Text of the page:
Living with the natural world

The credo of the Algonquin to Adirondack Conservation Association (A2A) is: « The wild and the civilized can and should coexist. »

But can they coexist? The wild needs space. Lots of it. Large reservoirs of forests and wetlands that can be home to species that shy away from humans, such as wolves, lynx and fishers. Even the smallest of these three, the fishers, have ranges of more than 300 square kilometres.

Moreover, reservoirs of wildness need to be connected. To thrive, animals need to wander.

As Hans Herrmann puts it, parks and protected places that exist as islands of green aren’t enough. « We can live within a host of protected places and still lose the wildness of North America, » says Herrmann, who is head of the conservation and biodiversity program for the commission on environmental co-operation under NAFTA.

So, how much space is needed for reservoirs and their connections? Well, estimates range from one-third to one-half of the landscape.

The issue is not whether there’s enough room; the area A2A is talking about is as big as New Brunswick. It includes two large reservoirs – Algonquin Park in Ontario and Adirondack Park in New York state – as well as the land connecting them, which is predominantly the Canadian Shield, and especially the Frontenac Arch, running south from Algonquin Park and crossing the St. Lawrence River at the Thousand Islands.

The question is whether people will agree to improving and maintaining the connections between the parks. To phrase the issue negatively, it means curtailing some types of development in connecting areas. To phrase it positively, it means controlling sprawl.

It doesn’t mean banishing people. In fact, A2A states explicitly in its documents that people are needed. The best hope for maintaining and improving habitat lies with individual landowners who want to look after their land, it says.

Pam and Ted Bliss are two such people who went one step further.

Both retired, they live on the St. Lawrence River, about 22 kilometres west of Brockville, and they have just donated about 40 hectares of land on LaRue Creek to the St. Lawrence Islands National Park. (Actually, they donated it to the Thousand Islands Heritage Land Trust in order to receive a charitable receipt, and the trust gave the land to Parks Canada, which runs national parks.)

With both forest and wetland, it’s an important donation because it helps to link other similar properties between Highway 401 and the St. Lawrence.

When I asked why they had done this, it was Pam Bliss who was most explicit: « We humans are not as important as we think we are, » she said. « What right do we have to destroy all the habitat that animals need? We must find a way to peacefully coexist. »

It was interesting, I thought, that she should use the same language as A2A.

One of the things I noted on the property were pitch pines, rare in Canada and a prime example of biodiversity. The area between Brockville and Gananoque probably has the highest level of biodiversity in all of Canada. It’s because five major forest systems converge there. The Great Lakes-St. Lawrence is the local forest; coming in from the east is the Atlantic Coastal, from the west the Carolinian, from the north the boreal, and from the south the Appalachian, each with its own species.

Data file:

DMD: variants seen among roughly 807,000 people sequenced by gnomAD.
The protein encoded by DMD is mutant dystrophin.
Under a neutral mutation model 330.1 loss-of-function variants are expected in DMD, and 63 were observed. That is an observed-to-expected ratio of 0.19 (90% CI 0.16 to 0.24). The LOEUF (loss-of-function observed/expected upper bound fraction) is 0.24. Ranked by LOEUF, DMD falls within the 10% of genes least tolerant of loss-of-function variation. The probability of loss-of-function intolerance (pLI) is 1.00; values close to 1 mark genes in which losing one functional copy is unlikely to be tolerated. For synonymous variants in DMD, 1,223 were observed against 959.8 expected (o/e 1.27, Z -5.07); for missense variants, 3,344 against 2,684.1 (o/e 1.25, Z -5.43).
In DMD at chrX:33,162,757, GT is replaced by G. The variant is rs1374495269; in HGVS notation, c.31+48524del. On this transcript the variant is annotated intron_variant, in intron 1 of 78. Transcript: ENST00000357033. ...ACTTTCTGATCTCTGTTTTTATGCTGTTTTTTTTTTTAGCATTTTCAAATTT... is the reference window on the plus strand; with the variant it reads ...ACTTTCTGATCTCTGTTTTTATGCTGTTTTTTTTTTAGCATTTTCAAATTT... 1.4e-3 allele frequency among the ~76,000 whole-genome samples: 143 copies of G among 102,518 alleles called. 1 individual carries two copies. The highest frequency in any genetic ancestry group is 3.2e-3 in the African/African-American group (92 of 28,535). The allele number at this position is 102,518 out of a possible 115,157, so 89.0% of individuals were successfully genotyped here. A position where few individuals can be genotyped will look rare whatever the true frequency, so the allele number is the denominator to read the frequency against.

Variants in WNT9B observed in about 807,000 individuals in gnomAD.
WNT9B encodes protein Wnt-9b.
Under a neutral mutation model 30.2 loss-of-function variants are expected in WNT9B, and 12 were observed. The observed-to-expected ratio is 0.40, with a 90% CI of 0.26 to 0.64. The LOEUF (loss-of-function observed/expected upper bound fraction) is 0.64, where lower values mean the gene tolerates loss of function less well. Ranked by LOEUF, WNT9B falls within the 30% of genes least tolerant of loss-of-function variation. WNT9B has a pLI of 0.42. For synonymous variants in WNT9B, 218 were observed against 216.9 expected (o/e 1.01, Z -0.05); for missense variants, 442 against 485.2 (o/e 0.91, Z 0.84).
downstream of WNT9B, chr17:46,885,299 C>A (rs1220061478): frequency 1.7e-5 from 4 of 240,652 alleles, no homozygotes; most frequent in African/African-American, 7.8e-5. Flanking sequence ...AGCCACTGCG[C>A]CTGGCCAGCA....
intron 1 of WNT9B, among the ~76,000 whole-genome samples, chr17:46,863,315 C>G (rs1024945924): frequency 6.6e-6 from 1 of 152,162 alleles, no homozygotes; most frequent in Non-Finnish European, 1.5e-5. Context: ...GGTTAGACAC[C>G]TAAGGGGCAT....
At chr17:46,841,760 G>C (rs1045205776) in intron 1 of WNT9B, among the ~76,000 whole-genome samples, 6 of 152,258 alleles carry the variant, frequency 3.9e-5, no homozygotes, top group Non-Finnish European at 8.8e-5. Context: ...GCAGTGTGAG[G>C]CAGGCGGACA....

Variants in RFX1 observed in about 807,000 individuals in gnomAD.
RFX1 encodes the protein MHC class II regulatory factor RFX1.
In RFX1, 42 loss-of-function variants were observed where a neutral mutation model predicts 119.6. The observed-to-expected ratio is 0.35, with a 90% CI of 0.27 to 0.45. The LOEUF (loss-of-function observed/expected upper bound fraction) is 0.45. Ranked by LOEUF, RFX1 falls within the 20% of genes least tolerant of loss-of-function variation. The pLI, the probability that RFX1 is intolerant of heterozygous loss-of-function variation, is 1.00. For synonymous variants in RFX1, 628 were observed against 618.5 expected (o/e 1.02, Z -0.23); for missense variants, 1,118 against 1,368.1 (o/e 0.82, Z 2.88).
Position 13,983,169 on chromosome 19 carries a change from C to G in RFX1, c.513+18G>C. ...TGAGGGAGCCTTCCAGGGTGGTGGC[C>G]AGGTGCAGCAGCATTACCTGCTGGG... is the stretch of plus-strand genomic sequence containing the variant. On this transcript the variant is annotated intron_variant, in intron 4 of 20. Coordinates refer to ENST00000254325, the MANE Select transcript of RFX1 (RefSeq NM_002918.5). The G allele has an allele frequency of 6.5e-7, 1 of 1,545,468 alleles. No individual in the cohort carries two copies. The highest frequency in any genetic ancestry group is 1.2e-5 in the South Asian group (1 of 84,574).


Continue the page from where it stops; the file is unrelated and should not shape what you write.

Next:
The Carolinian region of southwestern Ontario is usually cited as having the greatest biodiversity. But in 1997, a Parks Canada survey of species in all its parks found that the St. Lawrence Islands National Park had the highest count: 405 vertebrate animals and 623 vascular plants. Point Pelee National Park, the heart of the remaining Carolinian landscape, came second with 419 vertebrate animals and 586 vascular plants.

These counts are far from definitive. There are vastly more species than were counted, especially if insects and other invertebrates are included. However, these were the only counts done on a comparative basis that I could find.

And this underlines the second reason why the Bliss donation is so important. As a general rule, the density of species drops as the area of forest or wetland shrinks. In other words, big is better when it comes to habitat. If the density of a species is, say, 10 per square kilometre in a large area of habitat, the density may be only six or seven in an area of habitat half that size.

By making sure that properties rich in habitat remain linked between Highway 401 and the St. Lawrence River, the Blisses are ensuring that the numbers of each species will remain high. « We’ve seen so much land gobbled up, we felt we had to do something, » Ted said.

For Herrmann, the Blisses point the way to the future – not that everyone should donate land, but that those with land should care for it in ways that connect with the wild. In the past, the pattern has been to have parks containing the wild but no people, and communities with people but none of the wild, he says.

So, there was a deep division between people and nature. People went to parks like they would go to a zoo, for entertainment, and then they’d go home, leaving nature behind. Once home, they’d concentrate on other things and put their park experience aside, like any other piece of entertainment.

« The key to long-term conservation is to link people and nature, and this is what A2A is doing, » Herrmann says.

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